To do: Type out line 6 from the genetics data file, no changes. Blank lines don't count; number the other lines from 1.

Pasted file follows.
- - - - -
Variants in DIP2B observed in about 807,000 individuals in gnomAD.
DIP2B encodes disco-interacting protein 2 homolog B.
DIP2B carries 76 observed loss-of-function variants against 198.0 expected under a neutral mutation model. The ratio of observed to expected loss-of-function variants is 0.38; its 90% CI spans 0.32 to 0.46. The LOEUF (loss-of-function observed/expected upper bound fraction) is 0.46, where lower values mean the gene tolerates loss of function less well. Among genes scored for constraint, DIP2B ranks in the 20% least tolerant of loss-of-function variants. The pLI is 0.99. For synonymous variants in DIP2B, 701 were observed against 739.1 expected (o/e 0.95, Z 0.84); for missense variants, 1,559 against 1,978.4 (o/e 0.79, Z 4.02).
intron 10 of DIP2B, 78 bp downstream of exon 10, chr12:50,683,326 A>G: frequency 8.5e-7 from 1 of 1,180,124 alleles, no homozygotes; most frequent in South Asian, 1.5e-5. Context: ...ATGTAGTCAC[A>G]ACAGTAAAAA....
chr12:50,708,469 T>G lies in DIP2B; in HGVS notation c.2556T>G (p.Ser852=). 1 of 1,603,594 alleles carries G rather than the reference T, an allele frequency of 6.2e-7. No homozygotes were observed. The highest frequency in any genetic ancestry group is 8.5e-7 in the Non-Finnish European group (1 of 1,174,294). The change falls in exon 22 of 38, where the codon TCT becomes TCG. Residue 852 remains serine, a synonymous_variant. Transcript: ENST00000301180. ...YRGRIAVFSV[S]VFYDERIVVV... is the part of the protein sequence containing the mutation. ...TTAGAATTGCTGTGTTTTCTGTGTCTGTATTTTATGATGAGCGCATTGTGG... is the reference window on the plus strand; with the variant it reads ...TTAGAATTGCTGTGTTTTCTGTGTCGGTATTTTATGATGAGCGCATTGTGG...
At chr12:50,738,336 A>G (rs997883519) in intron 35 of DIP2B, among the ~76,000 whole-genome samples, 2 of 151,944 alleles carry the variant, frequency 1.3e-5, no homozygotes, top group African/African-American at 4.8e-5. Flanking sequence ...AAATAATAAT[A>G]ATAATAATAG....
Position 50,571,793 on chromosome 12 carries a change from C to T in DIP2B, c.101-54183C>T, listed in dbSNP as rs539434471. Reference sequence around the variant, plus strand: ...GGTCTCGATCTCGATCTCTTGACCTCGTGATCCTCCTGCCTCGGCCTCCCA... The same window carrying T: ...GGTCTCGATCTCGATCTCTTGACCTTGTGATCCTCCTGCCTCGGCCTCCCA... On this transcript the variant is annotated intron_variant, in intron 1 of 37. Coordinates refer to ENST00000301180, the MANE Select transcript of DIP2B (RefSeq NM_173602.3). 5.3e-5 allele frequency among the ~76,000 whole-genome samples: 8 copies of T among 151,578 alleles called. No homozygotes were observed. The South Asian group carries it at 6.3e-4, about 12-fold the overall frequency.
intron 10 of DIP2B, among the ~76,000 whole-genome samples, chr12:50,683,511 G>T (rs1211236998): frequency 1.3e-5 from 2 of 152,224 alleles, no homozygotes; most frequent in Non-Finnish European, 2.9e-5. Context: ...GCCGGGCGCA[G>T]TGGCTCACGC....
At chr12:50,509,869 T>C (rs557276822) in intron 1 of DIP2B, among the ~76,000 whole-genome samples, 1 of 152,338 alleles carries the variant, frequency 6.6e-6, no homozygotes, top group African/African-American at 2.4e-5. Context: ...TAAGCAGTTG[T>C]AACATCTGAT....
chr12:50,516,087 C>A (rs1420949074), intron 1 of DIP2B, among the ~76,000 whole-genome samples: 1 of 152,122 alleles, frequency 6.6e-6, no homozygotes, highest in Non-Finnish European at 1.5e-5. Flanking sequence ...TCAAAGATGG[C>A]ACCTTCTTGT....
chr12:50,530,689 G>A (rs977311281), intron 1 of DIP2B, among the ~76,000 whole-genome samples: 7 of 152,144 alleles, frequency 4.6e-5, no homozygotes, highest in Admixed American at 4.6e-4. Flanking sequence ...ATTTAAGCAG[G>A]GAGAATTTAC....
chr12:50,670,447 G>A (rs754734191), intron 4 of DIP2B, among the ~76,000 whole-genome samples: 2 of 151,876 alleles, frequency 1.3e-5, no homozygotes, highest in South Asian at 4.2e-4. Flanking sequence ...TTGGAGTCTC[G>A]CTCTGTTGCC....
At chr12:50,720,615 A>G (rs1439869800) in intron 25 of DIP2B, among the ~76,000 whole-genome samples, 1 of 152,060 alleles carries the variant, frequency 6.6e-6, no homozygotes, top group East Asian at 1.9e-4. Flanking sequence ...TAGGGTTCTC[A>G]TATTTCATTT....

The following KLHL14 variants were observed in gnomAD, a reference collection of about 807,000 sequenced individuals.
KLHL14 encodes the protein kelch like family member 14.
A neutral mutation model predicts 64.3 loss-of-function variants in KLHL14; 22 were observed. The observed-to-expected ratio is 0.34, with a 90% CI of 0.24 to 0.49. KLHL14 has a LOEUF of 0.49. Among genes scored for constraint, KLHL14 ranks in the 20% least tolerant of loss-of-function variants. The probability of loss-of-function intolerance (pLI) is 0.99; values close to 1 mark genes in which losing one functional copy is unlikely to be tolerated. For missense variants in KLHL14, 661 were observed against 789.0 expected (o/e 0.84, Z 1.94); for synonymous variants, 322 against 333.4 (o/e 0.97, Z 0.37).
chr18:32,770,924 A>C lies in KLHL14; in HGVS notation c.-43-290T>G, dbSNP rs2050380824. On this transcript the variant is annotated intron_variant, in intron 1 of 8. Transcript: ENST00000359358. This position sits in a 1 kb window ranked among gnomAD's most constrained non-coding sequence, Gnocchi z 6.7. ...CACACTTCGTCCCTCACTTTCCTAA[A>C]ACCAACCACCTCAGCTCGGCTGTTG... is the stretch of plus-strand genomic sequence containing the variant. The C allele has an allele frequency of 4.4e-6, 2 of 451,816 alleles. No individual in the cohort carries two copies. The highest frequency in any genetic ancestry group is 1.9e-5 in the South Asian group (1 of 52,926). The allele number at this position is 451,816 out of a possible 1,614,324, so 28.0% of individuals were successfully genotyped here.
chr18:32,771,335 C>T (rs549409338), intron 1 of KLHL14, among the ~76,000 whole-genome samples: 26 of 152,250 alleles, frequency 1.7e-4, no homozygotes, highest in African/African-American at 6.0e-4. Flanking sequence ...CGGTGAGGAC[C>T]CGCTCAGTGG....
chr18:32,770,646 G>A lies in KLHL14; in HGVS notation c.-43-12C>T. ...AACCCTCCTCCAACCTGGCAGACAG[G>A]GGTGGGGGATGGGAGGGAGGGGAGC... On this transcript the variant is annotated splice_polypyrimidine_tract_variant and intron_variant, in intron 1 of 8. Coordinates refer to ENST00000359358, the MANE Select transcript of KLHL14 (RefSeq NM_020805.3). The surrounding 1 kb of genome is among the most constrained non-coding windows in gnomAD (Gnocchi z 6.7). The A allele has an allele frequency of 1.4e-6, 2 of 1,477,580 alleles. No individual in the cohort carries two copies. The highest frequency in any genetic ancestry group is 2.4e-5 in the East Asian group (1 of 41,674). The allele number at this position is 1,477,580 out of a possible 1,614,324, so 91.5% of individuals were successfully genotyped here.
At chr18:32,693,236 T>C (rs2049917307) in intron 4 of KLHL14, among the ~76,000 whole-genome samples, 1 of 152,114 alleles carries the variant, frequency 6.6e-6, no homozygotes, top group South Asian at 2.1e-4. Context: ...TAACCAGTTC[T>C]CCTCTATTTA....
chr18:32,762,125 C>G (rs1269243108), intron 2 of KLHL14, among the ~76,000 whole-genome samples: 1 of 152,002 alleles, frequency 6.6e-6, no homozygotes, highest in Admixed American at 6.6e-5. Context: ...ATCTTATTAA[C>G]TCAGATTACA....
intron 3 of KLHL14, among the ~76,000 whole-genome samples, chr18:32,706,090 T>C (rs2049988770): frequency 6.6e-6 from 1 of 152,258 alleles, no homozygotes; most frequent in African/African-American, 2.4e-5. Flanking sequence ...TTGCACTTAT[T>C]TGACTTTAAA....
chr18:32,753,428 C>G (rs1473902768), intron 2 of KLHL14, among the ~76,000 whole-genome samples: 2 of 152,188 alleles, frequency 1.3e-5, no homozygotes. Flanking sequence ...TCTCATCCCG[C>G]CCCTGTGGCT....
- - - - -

At chr12:50,738,336 A>G (rs997883519) in intron 35 of DIP2B, among the ~76,000 whole-genome samples, 2 of 151,944 alleles carry the variant, frequency 1.3e-5, no homozygotes, top group African/African-American at 4.8e-5. Flanking sequence ...AAATAATAAT[A>G]ATAATAATAG....